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Subject: Tsuro--Leading others down a twisted path rss

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Christopher Onstad
United States
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TSURO: Leading others down the path

Okay, I am well aware that there are plenty of other review out there, all of them doing Tsuro much more justice than I can. The thing is, all of them hint around a point, yet sum up missing it. This game is often described as a decent to great filler game. I can agree with that point. But it is so much more than that. Well okay it is not a whole lot more than that, but there is one key feature that the previous reviews have not completely pointed out.

Tsuro is an almost perfect Gateway, and/or introduction game. At least that is my opinion which this review is designed to support.

I: Components:

Everything (save one) is designed to attract the eye. The box is beautiful. The board, looks almost woodcut, with a fantastic phoenix on top of it. The pieces, true the stones are plastic. But they still look incredibly cool. The Tiles are of contrasting, colors, and very well designed between the quality of cardboard, and the artistic pathways. The rules looks like a Chinese menu until you open it up, and are written in a very accommodating way. Every little detail is designed to appeal. And I have yet to meet anybody who has not stopped, looked, and then displayed an interest in the game.

II Rules
The rules are as simple as eating a chocolate chip cookie. They can be explained in about the same amount of time as well. EXCEPT FOR THE DRAGON TILE RULE. Which I will admit is confusing, but fortunately it is explained well at
It boils down to play, move, draw, and try not to go off the board. If the draw pile is empty take the dragon tile, and get first dibs when tiles are available. If you cause another players demise, take their tiles, and keep up to three. That’s it, and you are playing. What could be simpler.

III Actually playing

First off it is quick. You only have one place you can put your tile. (the one in front of you) and you only have three tiles to choose from. The limited choice helps to speed the game along. Secondly, there is guaranteed player interaction. Even if you try your best to avoid people the whole game, eventually you will come across a tile another person played. Third, it is fun even if you don’t win. When faced with self destruction, there is almost always a way to make it elaborate and artistic. Thirdly, the game is made for kibitzing. If you are finished off early, you can still point out (even as a first time player) where a person should have played a different tile.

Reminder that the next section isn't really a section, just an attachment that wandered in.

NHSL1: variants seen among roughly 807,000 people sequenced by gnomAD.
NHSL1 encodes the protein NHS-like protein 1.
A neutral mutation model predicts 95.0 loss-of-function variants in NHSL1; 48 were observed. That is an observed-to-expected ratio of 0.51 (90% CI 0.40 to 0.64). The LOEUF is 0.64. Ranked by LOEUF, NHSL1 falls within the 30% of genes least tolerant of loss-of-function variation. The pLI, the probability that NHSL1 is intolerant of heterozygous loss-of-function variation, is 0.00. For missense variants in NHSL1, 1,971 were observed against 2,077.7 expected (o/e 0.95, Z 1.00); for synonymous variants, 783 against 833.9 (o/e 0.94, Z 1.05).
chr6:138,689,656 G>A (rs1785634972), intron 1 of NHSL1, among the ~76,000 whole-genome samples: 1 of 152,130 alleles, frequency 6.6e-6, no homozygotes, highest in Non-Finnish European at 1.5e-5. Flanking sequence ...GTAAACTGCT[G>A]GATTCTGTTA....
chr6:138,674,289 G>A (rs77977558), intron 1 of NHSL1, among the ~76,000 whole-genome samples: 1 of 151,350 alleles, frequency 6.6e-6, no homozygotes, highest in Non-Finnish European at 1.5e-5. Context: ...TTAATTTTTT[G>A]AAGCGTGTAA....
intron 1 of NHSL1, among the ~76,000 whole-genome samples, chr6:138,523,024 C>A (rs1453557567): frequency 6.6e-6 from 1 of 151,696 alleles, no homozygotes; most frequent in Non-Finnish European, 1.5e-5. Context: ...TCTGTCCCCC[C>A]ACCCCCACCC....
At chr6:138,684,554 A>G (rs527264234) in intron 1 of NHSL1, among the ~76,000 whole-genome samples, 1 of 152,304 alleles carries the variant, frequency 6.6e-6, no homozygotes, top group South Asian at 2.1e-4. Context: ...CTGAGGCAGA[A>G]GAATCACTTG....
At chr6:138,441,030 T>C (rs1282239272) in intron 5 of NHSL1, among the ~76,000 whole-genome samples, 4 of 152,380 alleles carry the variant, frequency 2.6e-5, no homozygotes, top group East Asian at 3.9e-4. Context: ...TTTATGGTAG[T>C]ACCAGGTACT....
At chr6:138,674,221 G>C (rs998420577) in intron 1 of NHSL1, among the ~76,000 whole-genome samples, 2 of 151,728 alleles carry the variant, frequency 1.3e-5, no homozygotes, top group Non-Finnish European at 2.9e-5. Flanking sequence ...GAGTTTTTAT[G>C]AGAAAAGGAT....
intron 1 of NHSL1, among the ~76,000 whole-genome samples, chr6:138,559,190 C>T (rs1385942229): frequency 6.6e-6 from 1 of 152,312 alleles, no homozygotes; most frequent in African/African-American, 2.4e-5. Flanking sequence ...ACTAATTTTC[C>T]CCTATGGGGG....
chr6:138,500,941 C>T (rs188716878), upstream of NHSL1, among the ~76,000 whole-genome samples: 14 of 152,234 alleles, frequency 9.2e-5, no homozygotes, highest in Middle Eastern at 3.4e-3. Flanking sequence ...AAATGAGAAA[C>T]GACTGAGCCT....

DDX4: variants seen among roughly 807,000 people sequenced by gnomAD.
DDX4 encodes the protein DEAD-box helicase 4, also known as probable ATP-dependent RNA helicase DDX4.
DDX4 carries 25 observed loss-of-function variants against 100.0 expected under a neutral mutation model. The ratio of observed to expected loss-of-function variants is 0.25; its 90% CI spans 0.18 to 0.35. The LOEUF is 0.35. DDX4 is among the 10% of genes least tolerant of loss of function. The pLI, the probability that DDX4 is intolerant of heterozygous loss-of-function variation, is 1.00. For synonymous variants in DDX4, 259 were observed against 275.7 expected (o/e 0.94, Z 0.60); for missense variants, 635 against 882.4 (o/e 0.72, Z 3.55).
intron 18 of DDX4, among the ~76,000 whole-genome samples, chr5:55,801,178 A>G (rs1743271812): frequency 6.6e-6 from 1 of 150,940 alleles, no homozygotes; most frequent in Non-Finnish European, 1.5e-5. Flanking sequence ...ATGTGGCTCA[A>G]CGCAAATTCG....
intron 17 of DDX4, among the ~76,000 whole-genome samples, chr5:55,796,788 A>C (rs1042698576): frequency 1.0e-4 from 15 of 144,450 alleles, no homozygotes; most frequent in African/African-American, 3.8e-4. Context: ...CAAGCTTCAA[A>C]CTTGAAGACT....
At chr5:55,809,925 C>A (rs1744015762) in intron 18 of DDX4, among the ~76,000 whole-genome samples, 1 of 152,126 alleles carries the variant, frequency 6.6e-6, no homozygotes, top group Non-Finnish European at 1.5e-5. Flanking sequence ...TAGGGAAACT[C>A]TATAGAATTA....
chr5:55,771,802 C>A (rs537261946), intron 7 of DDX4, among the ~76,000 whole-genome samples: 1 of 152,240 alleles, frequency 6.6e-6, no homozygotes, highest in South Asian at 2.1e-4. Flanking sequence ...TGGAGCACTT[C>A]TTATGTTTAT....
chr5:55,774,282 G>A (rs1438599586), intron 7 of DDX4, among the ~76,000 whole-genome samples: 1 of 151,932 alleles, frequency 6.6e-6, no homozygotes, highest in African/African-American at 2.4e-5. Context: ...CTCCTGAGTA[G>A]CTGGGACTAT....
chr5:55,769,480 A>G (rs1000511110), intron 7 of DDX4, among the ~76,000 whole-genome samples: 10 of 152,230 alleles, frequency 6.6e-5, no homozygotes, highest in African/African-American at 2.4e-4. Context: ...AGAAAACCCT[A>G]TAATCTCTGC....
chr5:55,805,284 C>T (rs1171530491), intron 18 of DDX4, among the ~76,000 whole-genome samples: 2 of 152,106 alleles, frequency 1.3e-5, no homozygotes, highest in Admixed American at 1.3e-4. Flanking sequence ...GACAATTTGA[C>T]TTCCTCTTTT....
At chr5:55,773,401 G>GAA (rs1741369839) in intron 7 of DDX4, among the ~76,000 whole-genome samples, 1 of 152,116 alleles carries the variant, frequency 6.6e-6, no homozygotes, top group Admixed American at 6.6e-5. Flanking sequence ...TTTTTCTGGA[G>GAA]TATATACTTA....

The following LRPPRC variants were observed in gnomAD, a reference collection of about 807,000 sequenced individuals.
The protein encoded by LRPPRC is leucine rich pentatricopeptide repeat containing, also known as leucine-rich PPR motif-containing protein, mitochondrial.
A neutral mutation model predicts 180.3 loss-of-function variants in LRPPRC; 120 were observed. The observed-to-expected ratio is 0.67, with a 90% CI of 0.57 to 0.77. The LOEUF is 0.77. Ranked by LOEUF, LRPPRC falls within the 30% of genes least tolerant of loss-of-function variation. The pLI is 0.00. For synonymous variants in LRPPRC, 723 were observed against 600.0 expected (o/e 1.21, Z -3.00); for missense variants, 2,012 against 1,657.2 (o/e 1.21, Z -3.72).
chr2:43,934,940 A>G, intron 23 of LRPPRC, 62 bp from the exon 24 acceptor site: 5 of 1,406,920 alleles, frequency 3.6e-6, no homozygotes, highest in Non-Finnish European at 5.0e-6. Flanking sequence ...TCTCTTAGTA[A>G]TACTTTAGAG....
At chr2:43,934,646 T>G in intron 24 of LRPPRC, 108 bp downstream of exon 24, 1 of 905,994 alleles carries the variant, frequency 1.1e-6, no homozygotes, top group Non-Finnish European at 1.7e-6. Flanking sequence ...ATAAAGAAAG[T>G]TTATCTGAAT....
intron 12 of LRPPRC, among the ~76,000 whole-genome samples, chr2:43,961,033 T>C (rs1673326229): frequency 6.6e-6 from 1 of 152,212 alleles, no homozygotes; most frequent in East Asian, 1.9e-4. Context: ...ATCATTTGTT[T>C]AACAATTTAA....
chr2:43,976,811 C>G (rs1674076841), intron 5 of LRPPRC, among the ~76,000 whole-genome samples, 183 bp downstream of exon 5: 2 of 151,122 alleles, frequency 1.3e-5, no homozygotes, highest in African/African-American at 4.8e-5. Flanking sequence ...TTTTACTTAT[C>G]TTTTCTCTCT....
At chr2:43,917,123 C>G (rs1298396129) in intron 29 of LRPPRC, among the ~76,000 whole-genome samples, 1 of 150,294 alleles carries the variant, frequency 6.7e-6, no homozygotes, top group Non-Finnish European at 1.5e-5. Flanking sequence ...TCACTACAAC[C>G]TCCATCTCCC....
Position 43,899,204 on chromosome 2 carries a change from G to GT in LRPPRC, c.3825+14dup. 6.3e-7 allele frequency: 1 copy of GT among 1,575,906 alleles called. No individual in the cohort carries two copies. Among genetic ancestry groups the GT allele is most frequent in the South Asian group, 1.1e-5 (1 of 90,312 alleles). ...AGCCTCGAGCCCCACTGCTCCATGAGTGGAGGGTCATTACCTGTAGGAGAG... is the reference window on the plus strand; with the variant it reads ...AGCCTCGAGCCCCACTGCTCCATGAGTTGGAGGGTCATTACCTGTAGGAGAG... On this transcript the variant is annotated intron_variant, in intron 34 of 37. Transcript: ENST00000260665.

IV Mechanic
Behind all the gloss and glitter, (which while there isn’t much, it is impressive) Tsuro is a tile laying game. In fact, that’s pretty much all it is. Which is the beauty of it, and this is where it really shines. This in fact is the whole reason behind my theory. People are drawn to Tsuro for the art. They then find it is easy to learn. Next they pick it up quick. And it lays the groundwork for introducing new games. I mean, teach them Tsuro. Then say “I have another game, it’s really similar, except you can earn points, when you go off the board.” And teach them metro. Then from there you have them used to tile laying games. You can go either to Drakon, Carcassone, betrayal at the house on the hill, and as you get more complex in the tile laying, you teach other mechanics, and those mechanics can mover you to other games.

Tsuro provides gaming at it’s simplest form, and yet provides fun. It lays itself as a stepping stone to bring people up not just in tile laying games, but in the board game universe. And it doesn’t matter what type of game you want, you can get there from tile laying. (although with wargames it might be an incredibly long and convoluted road.) The best part is, with Tsuro as an introduction, almost everybody is guaranteed to have a good time, and it’s that first impression which will keep them coming back. They may not (and probably won’t) enjoy every game you lay before them. But they will remember their first in a positive way, and that first impression will stick with them and allow them to keep trying to find the other gems that exist in the board game universe.
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